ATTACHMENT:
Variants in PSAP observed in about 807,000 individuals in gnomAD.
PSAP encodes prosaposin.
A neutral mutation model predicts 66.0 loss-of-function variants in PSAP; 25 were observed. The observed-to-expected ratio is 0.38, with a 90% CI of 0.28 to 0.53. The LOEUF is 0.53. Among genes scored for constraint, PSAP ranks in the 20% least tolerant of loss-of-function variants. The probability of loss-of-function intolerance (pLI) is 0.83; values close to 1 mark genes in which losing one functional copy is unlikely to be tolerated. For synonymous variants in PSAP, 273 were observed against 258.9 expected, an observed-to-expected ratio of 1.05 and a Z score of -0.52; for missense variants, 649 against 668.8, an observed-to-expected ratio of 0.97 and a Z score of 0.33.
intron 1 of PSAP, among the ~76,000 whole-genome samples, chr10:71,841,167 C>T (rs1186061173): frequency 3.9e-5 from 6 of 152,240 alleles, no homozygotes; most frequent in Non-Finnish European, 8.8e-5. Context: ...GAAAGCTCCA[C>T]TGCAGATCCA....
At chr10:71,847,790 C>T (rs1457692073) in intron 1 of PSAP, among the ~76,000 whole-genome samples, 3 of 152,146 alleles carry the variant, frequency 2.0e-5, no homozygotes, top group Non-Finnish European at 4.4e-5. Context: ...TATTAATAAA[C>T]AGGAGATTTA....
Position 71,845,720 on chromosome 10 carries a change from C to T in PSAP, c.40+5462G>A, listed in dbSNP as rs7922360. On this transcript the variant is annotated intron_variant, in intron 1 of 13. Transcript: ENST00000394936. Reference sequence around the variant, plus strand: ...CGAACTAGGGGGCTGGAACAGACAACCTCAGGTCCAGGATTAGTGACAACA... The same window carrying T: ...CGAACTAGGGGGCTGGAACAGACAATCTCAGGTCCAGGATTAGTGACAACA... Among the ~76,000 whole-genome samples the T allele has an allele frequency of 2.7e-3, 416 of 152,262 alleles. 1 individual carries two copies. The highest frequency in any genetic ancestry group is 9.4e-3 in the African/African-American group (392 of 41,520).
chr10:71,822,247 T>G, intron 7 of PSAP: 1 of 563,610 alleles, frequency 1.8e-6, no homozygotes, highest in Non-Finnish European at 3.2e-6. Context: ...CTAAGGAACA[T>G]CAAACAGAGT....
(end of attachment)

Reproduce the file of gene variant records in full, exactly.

Variants in PSAP observed in about 807,000 individuals in gnomAD.
PSAP encodes prosaposin.
A neutral mutation model predicts 66.0 loss-of-function variants in PSAP; 25 were observed. The observed-to-expected ratio is 0.38, with a 90% CI of 0.28 to 0.53. The LOEUF is 0.53. Among genes scored for constraint, PSAP ranks in the 20% least tolerant of loss-of-function variants. The probability of loss-of-function intolerance (pLI) is 0.83; values close to 1 mark genes in which losing one functional copy is unlikely to be tolerated. For synonymous variants in PSAP, 273 were observed against 258.9 expected, an observed-to-expected ratio of 1.05 and a Z score of -0.52; for missense variants, 649 against 668.8, an observed-to-expected ratio of 0.97 and a Z score of 0.33.
intron 1 of PSAP, among the ~76,000 whole-genome samples, chr10:71,841,167 C>T (rs1186061173): frequency 3.9e-5 from 6 of 152,240 alleles, no homozygotes; most frequent in Non-Finnish European, 8.8e-5. Context: ...GAAAGCTCCA[C>T]TGCAGATCCA....
At chr10:71,847,790 C>T (rs1457692073) in intron 1 of PSAP, among the ~76,000 whole-genome samples, 3 of 152,146 alleles carry the variant, frequency 2.0e-5, no homozygotes, top group Non-Finnish European at 4.4e-5. Context: ...TATTAATAAA[C>T]AGGAGATTTA....
Position 71,845,720 on chromosome 10 carries a change from C to T in PSAP, c.40+5462G>A, listed in dbSNP as rs7922360. On this transcript the variant is annotated intron_variant, in intron 1 of 13. Transcript: ENST00000394936. Reference sequence around the variant, plus strand: ...CGAACTAGGGGGCTGGAACAGACAACCTCAGGTCCAGGATTAGTGACAACA... The same window carrying T: ...CGAACTAGGGGGCTGGAACAGACAATCTCAGGTCCAGGATTAGTGACAACA... Among the ~76,000 whole-genome samples the T allele has an allele frequency of 2.7e-3, 416 of 152,262 alleles. 1 individual carries two copies. The highest frequency in any genetic ancestry group is 9.4e-3 in the African/African-American group (392 of 41,520).
chr10:71,822,247 T>G, intron 7 of PSAP: 1 of 563,610 alleles, frequency 1.8e-6, no homozygotes, highest in Non-Finnish European at 3.2e-6. Context: ...CTAAGGAACA[T>G]CAAACAGAGT....